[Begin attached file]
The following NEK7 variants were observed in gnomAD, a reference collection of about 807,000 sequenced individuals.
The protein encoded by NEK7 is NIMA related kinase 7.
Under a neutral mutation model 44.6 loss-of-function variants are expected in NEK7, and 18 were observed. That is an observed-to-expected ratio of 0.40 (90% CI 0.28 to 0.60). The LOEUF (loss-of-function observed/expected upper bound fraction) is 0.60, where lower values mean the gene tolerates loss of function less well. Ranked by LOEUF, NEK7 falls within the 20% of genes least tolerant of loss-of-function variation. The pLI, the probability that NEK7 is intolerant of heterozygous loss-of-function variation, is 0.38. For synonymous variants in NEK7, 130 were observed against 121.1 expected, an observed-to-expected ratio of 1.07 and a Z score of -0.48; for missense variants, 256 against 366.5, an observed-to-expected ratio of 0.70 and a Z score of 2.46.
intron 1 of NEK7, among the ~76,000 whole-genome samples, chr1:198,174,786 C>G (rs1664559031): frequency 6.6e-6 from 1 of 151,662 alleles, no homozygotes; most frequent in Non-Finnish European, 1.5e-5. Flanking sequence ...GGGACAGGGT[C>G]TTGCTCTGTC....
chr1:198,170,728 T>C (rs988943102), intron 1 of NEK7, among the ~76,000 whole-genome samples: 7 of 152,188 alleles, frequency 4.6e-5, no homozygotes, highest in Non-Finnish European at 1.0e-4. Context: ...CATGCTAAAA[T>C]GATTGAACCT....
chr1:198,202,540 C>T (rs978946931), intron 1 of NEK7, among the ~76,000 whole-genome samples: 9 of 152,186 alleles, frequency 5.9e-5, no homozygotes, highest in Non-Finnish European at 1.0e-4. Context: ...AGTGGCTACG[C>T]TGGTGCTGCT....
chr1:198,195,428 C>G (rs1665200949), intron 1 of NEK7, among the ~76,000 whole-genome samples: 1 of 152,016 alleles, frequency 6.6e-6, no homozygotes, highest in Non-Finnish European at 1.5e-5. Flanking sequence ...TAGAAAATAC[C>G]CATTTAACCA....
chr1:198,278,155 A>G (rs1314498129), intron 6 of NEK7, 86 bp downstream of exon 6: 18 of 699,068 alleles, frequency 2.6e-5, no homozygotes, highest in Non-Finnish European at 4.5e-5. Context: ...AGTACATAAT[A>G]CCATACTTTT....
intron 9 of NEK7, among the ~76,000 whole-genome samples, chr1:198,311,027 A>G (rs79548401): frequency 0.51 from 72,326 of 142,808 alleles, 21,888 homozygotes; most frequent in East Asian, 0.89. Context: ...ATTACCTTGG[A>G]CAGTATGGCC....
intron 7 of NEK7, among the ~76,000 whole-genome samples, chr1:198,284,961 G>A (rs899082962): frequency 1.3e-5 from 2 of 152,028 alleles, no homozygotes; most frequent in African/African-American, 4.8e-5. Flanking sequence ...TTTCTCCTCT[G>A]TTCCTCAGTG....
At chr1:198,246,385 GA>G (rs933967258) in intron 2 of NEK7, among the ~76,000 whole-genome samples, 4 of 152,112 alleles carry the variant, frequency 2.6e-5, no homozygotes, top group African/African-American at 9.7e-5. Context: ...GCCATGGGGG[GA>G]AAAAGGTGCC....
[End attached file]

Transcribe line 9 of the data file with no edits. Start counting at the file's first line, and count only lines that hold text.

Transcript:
intron 9 of NEK7, among the ~76,000 whole-genome samples, chr1:198,311,027 A>G (rs79548401): frequency 0.51 from 72,326 of 142,808 alleles, 21,888 homozygotes; most frequent in East Asian, 0.89. Context: ...ATTACCTTGG[A>G]CAGTATGGCC....